What is in this article?:
- The Claremont Club Helps Change Lives with Project Walk
- Be Perfect
- Expanding the Mission
Through a program called Project Walk, the Claremont Club is helping spinal cord injured clients regain mobility, and it now is working with ALS patient and fitness industry veteran Augie Nieto to help him reach his goal of walking again.
Jason S. (center in wheelchair) and Jonathan W. (boy to the far right) are two of the 30 clients currently at Project Walk in the Claremont Club. Jason also works at the club as a storyteller in the child care area. Prior to Project Walk, Jason only had movement from the neck up, but he has shown great improvement in moving his right arm. Jason’s goal is to gain enough movement in his right arm and hand to be able to feed himself and to hug his son. Photo courtesy of the Claremont Club.
Expanding the Mission
This summer, Project Walk Claremont took on a new challenge. One of the specialists began working with Augie Nieto, founder of Life Fitness and chairman of Octane Fitness. Nieto was diagnosed with amyotrophic lateral sclerosis (ALS, or Lou Gehrig’s disease) in 2005 and has been unable to breathe on his own or move anything but his toes for several years.
“We had never taken a person who was struggling with ALS, and we weren’t supposed to, according to Project Walk corporate, but I convinced them to let me try to help Augie,” Alpert says. Nieto’s situation was a different challenge than that faced with spinal cord injured clients because of his inability to communicate except with his eyes when not in his computerized chair, meaning he could not communicate any discomfort.
Nieto had already been exercising using specialized equipment developed by some of his friends in the industry, plus he was taking new experimental medication. However, within the first six sessions at Project Walk, Nieto’s progress has exceeded his expectations, he wrote in an email to Club Industry earlier this month. During that time, Nieto has been able to stand for the first time in five years and move his arms for the first time in six years, he wrote. According to Alpert, Nieto now has hip and wrist flexion and extension. He is able to do a bicep curl, and he is sitting up with good posture for the first time in almost five years.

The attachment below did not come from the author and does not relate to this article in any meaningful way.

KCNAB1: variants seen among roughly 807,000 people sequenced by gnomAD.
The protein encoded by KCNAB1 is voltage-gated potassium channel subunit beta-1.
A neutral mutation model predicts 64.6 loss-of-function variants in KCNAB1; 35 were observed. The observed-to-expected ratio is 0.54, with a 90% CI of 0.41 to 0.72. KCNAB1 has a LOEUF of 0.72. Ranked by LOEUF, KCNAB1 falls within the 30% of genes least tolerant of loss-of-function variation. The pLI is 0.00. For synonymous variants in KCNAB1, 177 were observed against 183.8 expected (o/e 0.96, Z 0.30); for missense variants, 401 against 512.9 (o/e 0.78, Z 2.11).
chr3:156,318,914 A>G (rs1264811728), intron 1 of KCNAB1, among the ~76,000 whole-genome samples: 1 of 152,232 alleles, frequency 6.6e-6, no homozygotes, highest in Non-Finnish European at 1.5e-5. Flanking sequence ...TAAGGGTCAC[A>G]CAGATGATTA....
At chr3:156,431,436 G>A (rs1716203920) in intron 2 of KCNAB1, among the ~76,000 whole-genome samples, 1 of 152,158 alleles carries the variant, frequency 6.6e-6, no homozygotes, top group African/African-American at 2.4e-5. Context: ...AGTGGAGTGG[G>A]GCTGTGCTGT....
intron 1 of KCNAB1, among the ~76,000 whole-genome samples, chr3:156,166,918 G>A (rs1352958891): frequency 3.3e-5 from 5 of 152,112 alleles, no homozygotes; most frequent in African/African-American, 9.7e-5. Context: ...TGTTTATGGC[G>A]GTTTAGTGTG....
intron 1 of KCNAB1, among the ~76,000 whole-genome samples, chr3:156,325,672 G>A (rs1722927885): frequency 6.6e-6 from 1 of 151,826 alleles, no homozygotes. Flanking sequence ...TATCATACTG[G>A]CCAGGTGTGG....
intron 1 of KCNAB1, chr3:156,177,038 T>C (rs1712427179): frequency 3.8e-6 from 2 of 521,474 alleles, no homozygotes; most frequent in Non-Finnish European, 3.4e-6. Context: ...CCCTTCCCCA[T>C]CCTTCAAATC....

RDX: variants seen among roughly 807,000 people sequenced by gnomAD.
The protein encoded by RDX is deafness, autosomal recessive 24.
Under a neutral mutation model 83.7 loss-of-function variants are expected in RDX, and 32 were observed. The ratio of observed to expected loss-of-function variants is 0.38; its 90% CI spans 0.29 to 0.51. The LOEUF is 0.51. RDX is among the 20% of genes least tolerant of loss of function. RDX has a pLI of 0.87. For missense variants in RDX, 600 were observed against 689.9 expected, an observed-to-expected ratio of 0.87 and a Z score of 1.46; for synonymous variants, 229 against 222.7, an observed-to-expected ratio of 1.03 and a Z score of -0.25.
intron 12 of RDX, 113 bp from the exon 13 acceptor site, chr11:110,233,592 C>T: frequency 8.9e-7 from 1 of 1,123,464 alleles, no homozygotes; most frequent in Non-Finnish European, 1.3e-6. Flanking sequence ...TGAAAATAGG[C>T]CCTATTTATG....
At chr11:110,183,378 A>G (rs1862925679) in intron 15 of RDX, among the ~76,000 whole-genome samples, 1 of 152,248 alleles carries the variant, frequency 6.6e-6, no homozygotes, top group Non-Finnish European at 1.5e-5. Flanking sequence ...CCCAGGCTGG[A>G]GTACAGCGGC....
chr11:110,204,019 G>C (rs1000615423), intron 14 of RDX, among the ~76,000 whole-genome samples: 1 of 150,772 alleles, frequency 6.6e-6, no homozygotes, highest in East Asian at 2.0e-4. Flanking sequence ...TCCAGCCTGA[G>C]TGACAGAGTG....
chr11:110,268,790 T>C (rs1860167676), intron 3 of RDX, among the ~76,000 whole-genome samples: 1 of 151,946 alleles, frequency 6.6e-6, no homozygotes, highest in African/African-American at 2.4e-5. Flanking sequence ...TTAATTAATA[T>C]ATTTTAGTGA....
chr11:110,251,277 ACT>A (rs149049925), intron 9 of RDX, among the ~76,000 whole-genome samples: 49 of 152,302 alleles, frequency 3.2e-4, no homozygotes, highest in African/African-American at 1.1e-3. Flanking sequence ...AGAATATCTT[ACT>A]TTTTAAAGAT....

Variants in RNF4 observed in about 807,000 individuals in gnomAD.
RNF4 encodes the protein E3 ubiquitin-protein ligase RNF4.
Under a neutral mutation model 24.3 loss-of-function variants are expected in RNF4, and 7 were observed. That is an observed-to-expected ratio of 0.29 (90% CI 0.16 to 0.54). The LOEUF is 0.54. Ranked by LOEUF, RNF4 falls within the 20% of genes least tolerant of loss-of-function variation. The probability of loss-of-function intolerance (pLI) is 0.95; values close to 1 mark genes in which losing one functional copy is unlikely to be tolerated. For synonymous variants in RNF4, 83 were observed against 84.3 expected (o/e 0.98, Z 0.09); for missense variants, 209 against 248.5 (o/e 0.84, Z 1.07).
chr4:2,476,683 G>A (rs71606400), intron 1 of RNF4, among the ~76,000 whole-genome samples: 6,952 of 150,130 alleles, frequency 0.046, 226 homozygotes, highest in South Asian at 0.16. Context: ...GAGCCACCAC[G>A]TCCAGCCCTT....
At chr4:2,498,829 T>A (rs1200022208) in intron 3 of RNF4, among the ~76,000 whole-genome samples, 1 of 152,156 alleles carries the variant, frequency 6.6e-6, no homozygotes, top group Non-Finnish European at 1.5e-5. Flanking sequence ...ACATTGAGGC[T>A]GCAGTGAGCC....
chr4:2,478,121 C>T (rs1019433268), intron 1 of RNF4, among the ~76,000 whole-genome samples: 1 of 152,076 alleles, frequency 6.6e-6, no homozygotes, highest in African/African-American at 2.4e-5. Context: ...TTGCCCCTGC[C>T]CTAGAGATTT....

Nieto also has gained increased control over his facial muscles, according to John McCarthy, chairman of Augie’s Bash, a fundraiser put on by Augie’s Quest, a group that raises funds for ALS.
Prior to the Project Walk program, Nieto had been stretching to maintain his flexibility, but now he is working on regaining rather than regressing the effects of ALS. He also has a goal in mind: walking his youngest daughter down the aisle when she gets married next summer, he wrote.
Alpert says that if Nieto’s progress proves out, it could show that this treatment helps those with ALS, and perhaps it could be expanded to people with multiple sclerosis or dementia.
“My belief and prayer was if we could help someone with ALS, who else could we help?” Alpert says. In time, Alpert and company just may find out.
Editor’s Note: Project Walk and the Be Perfect Foundation will be the recipients of sponsorship money and donations collected as part of the run/walk Club Industry is doing at 6 a.m. on Oct. 25 as part of the Club Industry conference in Chicago. You can register for the run/walk when you register online for the conference or onsite at the trade show. Register for the show and the run/walk here.